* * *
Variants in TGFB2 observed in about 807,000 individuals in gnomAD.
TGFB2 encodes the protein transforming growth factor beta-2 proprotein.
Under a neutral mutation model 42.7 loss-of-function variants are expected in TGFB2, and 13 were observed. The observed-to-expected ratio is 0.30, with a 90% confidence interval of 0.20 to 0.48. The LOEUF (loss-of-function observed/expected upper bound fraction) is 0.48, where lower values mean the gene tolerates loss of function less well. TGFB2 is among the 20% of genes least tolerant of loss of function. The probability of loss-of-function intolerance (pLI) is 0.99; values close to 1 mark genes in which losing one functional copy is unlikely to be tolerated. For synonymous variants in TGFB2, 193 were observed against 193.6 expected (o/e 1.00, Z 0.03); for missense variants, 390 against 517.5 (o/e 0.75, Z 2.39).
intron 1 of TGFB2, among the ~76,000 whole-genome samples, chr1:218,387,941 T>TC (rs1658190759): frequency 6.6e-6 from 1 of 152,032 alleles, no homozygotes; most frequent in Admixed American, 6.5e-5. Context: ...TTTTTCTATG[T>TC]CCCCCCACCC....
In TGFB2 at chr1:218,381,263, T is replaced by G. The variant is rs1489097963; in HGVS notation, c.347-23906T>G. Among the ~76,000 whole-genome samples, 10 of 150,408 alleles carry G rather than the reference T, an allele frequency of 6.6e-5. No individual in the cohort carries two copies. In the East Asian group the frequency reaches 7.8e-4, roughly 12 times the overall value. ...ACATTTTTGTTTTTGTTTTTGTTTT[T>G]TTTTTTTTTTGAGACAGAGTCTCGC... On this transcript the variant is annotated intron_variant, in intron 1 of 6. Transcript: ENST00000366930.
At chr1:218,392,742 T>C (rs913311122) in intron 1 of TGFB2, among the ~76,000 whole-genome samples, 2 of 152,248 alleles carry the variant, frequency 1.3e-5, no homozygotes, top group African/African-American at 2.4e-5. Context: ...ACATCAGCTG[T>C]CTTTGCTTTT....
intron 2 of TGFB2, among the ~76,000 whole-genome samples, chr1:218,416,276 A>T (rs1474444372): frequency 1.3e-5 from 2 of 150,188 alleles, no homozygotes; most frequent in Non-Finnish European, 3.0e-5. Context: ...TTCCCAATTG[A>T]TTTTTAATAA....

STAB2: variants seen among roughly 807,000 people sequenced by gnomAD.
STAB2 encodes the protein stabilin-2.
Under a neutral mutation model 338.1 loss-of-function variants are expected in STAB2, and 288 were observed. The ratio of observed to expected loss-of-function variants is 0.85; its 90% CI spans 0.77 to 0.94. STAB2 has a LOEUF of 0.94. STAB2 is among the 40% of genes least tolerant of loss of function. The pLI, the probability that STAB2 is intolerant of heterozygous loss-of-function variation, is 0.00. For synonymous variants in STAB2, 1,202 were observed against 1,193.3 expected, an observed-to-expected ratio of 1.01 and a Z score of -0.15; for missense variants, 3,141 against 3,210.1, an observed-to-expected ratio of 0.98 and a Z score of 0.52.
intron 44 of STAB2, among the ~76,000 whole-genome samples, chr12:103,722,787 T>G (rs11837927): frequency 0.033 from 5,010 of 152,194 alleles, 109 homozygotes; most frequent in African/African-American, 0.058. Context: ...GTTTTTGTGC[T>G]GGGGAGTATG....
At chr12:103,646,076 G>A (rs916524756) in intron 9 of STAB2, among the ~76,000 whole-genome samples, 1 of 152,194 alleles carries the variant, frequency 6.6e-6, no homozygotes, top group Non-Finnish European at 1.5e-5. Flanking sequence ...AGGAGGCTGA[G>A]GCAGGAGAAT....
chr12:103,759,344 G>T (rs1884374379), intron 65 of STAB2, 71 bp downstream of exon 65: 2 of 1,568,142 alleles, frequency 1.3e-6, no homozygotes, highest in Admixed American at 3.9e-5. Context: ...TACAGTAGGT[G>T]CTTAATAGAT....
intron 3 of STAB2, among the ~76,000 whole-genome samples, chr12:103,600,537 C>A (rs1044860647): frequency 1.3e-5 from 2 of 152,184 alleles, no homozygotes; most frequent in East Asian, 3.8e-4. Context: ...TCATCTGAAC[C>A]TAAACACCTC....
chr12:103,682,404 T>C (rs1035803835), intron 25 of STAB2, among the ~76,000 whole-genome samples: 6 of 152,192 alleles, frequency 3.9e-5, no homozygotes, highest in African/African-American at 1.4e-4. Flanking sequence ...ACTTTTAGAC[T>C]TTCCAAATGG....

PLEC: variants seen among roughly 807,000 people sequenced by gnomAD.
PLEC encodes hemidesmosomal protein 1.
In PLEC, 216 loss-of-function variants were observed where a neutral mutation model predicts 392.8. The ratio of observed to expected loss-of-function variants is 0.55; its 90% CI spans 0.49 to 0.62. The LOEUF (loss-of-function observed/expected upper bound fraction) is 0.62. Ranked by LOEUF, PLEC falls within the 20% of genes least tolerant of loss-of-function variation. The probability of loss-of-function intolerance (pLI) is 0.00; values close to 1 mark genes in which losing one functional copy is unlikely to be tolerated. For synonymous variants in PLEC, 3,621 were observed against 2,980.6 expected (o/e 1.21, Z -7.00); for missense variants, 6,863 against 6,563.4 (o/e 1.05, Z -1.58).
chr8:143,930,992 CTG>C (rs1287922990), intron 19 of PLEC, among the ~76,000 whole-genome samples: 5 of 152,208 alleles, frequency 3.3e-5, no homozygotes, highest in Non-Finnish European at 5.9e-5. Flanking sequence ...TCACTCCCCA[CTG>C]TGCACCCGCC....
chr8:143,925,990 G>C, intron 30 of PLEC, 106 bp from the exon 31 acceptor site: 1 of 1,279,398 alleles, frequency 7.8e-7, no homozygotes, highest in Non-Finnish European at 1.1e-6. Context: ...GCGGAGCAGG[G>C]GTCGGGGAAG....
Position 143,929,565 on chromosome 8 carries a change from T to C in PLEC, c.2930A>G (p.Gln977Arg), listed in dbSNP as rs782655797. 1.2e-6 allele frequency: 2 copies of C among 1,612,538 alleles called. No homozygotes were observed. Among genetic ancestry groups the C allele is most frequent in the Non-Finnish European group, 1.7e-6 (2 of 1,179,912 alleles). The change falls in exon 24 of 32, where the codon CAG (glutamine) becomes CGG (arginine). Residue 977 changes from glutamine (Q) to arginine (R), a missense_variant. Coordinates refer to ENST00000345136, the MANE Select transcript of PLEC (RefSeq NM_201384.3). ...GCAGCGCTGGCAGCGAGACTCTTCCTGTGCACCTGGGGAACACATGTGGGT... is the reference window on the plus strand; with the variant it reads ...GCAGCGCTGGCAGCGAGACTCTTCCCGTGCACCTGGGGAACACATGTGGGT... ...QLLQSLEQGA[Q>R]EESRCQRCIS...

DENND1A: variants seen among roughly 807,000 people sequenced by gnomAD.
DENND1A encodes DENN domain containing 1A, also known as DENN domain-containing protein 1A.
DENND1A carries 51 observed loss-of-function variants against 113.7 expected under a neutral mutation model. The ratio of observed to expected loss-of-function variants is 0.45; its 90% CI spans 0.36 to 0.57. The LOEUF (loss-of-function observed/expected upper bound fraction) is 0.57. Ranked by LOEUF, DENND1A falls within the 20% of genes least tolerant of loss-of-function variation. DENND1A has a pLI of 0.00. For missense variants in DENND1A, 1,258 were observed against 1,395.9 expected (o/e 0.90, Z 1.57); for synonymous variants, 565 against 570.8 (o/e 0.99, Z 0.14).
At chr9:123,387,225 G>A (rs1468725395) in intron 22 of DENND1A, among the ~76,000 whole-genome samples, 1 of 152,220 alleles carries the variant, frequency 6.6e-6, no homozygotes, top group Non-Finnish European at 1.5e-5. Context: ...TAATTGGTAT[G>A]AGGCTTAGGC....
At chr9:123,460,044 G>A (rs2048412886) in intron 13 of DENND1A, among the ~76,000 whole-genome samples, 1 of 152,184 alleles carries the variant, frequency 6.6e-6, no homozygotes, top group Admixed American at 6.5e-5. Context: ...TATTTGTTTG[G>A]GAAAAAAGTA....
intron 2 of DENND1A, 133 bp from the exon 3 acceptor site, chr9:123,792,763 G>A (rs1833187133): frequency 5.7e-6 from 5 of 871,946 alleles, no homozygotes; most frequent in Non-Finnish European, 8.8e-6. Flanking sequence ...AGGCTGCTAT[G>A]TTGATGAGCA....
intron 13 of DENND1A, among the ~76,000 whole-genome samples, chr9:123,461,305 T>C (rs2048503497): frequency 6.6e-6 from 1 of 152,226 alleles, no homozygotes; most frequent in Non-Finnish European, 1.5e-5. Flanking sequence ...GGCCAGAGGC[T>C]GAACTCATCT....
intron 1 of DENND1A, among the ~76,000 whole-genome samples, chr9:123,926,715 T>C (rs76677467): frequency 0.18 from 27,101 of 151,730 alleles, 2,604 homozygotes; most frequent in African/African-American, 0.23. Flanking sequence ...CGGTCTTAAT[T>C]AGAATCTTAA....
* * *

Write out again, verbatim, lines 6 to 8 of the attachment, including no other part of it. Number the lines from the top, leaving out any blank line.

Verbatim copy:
At chr1:218,392,742 T>C (rs913311122) in intron 1 of TGFB2, among the ~76,000 whole-genome samples, 2 of 152,248 alleles carry the variant, frequency 1.3e-5, no homozygotes, top group African/African-American at 2.4e-5. Context: ...ACATCAGCTG[T>C]CTTTGCTTTT....
intron 2 of TGFB2, among the ~76,000 whole-genome samples, chr1:218,416,276 A>T (rs1474444372): frequency 1.3e-5 from 2 of 150,188 alleles, no homozygotes; most frequent in Non-Finnish European, 3.0e-5. Context: ...TTCCCAATTG[A>T]TTTTTAATAA....

STAB2: variants seen among roughly 807,000 people sequenced by gnomAD.